Site Conventions

Conventions used at the site

TAGS: Cyber Life,, My Stuff


In the US, periods and commas go inside quotations marks regardless of logic. I, on the other hand, will follow logic.

   US: "'Design' is my favorite poem," he said.
Logic: "'Design' is my favorite poem", he said.

   US: I asked her: "Are you hungry?"
Logic: I asked her: "Are you hungry?".


It is a more efficient use of space to indent the first line of paragraphs and do not double-space between paragraphs. However the on-screen convention is to do the opposite (Do not indent the first line of paragraphs and do double-space between paragraphs), so I follow the on-screen convention.


My short bibliographies will follow this simple format:

Author (Birth/Death). Work (Year).

My larger bibliographies will roughly follow the bibliography style of the MLA [ref at]. If a work has multiple creators, then the creators follow the title of the work.

Author. "Title of a part of the book". Title of the book. Editor, translator, or compiler. Number of the edition used. Number(s) of the volume(s) used. Name of the series. Page numbers. Place of publication: name of publisher, date of publication. ISBN. Other bibliographic information and annotation, like date of first publication.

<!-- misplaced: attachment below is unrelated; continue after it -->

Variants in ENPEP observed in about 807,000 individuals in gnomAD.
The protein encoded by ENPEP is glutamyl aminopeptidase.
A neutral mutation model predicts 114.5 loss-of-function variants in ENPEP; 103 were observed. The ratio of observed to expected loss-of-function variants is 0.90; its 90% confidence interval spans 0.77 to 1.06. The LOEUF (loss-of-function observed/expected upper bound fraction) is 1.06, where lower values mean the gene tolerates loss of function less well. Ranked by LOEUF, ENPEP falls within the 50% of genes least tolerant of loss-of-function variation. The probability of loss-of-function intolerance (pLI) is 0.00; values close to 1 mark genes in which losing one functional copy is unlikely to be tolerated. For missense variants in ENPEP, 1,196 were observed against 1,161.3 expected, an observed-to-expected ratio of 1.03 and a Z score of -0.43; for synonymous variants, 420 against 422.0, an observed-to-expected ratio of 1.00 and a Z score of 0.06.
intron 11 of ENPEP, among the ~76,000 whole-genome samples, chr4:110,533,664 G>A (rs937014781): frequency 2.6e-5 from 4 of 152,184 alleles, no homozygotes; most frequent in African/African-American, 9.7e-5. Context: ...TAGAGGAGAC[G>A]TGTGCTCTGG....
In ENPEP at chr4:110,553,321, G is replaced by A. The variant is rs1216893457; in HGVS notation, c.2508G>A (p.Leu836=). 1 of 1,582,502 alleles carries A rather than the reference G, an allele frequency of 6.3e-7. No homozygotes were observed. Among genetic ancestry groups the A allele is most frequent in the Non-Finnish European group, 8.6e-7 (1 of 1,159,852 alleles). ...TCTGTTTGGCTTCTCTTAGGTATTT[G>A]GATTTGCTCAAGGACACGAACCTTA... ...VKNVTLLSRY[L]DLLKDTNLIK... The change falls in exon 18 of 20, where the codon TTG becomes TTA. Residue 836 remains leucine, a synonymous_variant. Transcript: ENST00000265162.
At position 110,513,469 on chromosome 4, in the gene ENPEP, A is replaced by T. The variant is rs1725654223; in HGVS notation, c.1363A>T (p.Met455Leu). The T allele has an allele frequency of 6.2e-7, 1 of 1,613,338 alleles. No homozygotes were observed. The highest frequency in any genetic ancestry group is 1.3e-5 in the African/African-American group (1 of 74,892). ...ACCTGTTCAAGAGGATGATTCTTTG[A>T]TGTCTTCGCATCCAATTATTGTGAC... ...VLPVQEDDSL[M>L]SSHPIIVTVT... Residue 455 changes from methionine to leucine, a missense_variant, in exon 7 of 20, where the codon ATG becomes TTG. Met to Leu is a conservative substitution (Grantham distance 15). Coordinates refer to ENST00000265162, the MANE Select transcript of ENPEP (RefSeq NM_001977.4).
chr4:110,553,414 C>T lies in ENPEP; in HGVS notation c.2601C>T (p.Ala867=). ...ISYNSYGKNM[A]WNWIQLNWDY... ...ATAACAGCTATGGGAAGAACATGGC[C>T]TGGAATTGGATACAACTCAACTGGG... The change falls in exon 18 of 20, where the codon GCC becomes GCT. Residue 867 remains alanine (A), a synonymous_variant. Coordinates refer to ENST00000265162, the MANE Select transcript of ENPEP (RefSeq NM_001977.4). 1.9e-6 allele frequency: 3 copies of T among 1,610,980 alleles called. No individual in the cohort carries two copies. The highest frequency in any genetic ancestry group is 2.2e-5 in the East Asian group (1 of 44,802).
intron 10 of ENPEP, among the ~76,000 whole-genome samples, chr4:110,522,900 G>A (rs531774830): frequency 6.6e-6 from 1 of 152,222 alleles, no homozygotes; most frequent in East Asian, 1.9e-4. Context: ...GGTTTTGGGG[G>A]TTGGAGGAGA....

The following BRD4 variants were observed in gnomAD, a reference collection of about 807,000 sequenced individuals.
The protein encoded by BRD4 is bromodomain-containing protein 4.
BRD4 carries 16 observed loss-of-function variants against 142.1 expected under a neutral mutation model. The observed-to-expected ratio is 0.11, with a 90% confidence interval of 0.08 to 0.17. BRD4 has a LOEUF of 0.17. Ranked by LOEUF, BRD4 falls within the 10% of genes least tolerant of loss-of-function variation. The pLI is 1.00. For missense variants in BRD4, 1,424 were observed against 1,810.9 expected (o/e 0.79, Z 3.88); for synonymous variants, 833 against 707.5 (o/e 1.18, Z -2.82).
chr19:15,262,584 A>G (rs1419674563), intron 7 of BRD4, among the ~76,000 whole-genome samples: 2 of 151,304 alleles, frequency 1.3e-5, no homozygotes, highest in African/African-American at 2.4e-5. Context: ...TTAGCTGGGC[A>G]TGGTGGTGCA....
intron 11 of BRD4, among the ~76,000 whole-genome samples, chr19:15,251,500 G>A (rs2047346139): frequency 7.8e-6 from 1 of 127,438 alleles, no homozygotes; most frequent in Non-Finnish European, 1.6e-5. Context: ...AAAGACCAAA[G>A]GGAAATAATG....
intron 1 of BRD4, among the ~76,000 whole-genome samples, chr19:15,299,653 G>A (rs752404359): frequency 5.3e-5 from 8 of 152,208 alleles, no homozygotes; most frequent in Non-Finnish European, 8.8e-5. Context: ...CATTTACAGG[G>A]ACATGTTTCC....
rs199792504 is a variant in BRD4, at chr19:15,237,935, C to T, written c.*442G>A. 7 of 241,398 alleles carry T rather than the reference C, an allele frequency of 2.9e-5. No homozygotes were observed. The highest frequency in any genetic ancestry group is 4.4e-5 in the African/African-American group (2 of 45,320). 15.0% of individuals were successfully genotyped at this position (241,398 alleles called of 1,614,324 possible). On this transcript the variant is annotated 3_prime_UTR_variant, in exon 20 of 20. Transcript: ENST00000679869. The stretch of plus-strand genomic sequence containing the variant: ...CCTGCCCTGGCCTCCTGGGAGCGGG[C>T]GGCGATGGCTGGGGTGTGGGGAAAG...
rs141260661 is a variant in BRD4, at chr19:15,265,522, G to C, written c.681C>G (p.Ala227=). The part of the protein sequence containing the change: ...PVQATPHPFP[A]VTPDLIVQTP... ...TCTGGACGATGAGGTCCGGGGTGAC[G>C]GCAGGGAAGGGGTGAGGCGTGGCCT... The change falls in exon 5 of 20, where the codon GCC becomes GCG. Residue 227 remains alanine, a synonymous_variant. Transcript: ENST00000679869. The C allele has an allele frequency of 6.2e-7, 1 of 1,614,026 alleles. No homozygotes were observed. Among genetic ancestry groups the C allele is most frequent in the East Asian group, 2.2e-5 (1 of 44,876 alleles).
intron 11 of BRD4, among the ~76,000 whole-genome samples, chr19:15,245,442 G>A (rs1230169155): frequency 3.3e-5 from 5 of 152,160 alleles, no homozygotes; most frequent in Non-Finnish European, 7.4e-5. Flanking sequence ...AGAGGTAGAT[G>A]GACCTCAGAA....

EG: Hernandez, George. The Great American Novel. Chicago, IL: Acme Publishers, 2005. p. 230. ISBN: 1234567890.

While the convention of "last name, first name" is good for several reasons (EGs: Sorting lists. Asian names.), it is also bad for several reasons (EGs: People don't computer search that way. It uses an extra character. Some folks don't have two names. I've flip-flopped on this several times but as of 2007-07-14, I'm opting for "Last, First" because of the many Asian names I reference.

Author. "Article Title". Journal Title Volume Number (Date): page numbers.

Author. "Article Title". Magazine Title Date: page numbers.